Originally from south-west Europe and north-west Africa, Rabbits were introduced into Ireland by the Normans way back in the 12th century AD. They were kept in enclosed warrens and were used as a source of sport for Norman noblemen as well as exploited as a source of both meat and fur. Naturally enough some of these rabbits escaped the confines of their warrens and with their fabled capacity for reproduction it wasn’t long before wild populations spread throughout the country.
Today the rabbit is one of our best known mammals. It is common practically everywhere, and rabbits are instantly recognisable with their hopping gait, long ears and endearing “bob” tail. People have always found rabbits endearing. They have captured the imaginations of children and adults alike, and have featured prominently in children’s stories and films over the years. They have also become popular as pets, and the host of domestic varieties available today are all ultimately descended from the wild European rabbit.
Adult rabbits are between 30 and 40 cm (12 to 16 inches) long and weigh between 1.2 and 2 Kg (2.5 and 4.5 lb). The fur is usually grey brown in colour, but can range from a sandy yellow to almost black in some individuals. The belly and the underside of the tail are white. Males (bucks) and females (does) are similar in appearance, but the males tend to be slightly heavier and have slightly broader heads.
Rabbits live in underground burrow systems known as warrens. Their Latin name cuniculus, means underground passage, and these highly adaptable mammals can be found wherever the ground is suitable for burrowing. They tend to prefer areas with loose, free draining soil with suitable above-ground cover like scrub or rocks. Favoured habitats include arable and pasture land close to hedgerows, sand dunes and deciduous woodland margins. They tend to avoid coniferous woodland and damp areas and are rarely found above the tree line.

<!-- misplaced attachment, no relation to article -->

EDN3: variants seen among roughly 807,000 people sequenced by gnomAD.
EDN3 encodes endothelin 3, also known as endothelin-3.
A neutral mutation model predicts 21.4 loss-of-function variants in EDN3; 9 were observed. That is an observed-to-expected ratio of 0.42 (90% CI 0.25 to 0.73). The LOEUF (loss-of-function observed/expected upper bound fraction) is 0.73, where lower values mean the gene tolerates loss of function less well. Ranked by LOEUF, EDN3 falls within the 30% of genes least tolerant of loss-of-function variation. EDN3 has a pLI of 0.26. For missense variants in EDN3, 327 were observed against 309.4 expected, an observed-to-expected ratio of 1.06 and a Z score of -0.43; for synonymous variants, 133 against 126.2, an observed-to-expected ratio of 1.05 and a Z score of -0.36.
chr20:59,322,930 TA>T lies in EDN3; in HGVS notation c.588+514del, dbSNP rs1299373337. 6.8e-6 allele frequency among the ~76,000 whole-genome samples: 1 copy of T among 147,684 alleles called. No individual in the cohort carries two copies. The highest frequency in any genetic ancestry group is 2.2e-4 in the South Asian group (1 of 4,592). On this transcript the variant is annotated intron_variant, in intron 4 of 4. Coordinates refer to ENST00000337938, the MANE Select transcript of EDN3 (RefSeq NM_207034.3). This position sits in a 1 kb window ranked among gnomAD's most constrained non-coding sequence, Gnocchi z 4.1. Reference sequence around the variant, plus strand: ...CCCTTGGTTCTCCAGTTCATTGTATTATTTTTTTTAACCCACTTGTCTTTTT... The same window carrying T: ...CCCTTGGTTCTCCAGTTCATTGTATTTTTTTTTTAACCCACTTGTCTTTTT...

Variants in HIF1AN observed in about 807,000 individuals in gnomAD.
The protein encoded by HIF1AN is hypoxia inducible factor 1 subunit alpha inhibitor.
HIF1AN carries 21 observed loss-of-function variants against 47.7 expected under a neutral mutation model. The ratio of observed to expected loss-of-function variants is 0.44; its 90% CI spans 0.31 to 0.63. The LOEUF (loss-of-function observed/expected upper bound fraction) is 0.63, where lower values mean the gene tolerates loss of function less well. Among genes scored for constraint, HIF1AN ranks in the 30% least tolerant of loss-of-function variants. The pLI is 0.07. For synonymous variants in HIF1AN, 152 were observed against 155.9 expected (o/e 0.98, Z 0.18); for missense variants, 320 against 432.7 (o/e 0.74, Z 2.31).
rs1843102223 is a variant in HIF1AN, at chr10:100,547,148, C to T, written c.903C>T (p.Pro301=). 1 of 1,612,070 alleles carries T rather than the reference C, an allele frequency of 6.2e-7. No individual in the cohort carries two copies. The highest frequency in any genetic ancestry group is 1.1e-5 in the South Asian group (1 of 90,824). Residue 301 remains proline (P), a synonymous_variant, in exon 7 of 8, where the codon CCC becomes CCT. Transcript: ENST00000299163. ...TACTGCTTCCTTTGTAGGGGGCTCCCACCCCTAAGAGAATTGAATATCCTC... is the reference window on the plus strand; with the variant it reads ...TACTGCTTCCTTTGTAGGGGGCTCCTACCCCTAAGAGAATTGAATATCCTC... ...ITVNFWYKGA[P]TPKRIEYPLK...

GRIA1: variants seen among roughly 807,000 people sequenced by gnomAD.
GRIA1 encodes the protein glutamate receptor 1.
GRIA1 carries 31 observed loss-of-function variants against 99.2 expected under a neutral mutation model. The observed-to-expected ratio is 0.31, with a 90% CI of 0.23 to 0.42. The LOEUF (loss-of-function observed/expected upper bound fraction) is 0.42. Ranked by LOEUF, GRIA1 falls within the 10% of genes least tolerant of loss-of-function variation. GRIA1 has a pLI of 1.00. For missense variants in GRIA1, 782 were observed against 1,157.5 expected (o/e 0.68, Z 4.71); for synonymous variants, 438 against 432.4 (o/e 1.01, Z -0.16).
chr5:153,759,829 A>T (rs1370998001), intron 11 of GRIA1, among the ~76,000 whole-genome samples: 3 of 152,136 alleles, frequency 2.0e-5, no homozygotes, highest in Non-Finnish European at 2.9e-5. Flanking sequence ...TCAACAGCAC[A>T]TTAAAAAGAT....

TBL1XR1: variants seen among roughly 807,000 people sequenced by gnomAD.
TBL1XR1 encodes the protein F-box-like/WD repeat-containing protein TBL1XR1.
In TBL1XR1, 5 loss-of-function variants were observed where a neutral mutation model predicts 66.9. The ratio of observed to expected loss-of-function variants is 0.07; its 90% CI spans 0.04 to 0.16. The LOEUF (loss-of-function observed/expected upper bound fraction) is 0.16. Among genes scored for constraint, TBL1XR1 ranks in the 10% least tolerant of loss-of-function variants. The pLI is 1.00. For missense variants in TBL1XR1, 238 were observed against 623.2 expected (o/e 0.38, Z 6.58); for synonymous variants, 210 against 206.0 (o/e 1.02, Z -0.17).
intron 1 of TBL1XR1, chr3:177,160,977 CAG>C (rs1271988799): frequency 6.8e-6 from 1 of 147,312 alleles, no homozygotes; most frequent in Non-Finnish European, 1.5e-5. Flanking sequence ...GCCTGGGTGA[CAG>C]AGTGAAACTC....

Each warren will typically consist of a group ranging in size from a single pair to thirty or more animals. Burrowing duties are carried out exclusively by the females. Within the warren two distinct social hierarchies are at work: one for bucks and one for does. An individual’s place within their particular hierarchy is determined by bouts of play-fighting when young. Serious fighting occurs only rarely when rival bucks are competing over a receptive doe.
Rabbits reach sexual maturity at about 3½ to 4 months old. Breeding can occur year-round, but tends to take place mainly between the months of January and August. Mating is brief, but is repeated frequently while the doe is receptive. Gestation takes around 30 days, and a litter of 2-7 (average 6) blind, helpless kittens is normally born each month. Young rabbits are weaned at four weeks and leave the nursery burrow to take their place in the rabbit community.
Their rapid reproduction is offset by very high rates of natural mortality (upwards of 95%), particularly in young rabbits. They are a very important prey species for many of our predators, including foxes and stoats. Because they graze heavily on a wide range of young plants Rabbits can also be a serious agricultural pest, and their numbers have been controlled by shooting and trapping for generations. In the 1950’s however a much more controversial control measure was taken when the Myxoma virus was introduced into Irish rabbit populations. The disease decimated the species, almost wiping it out.
Today rabbit numbers have recovered in Ireland, due partly to increased resistance to the Myxoma virus. Populations are generally stable, but local fluctuations occur from year to year due to sporadic outbreaks of both myxomatosis and the more recent viral haemorrhagic disease (VHD).
Photo Credits: Photo 1 All rights reserved by Darragh Sherwin via the Ireland’s Wildlife Flickr Group; Photo 2, © Ireland’s Wildlife
I have noticed an enormous upturn in rabbit population in my area (North Louth) over last few years. In years gone by you wouldn’t see one, there was one field where they gathered now there is hundreds walking roads and all round houses. The dog catches one everyday, which is impossible to stop as there are so many and they come into garden. Any reason for this surge in population?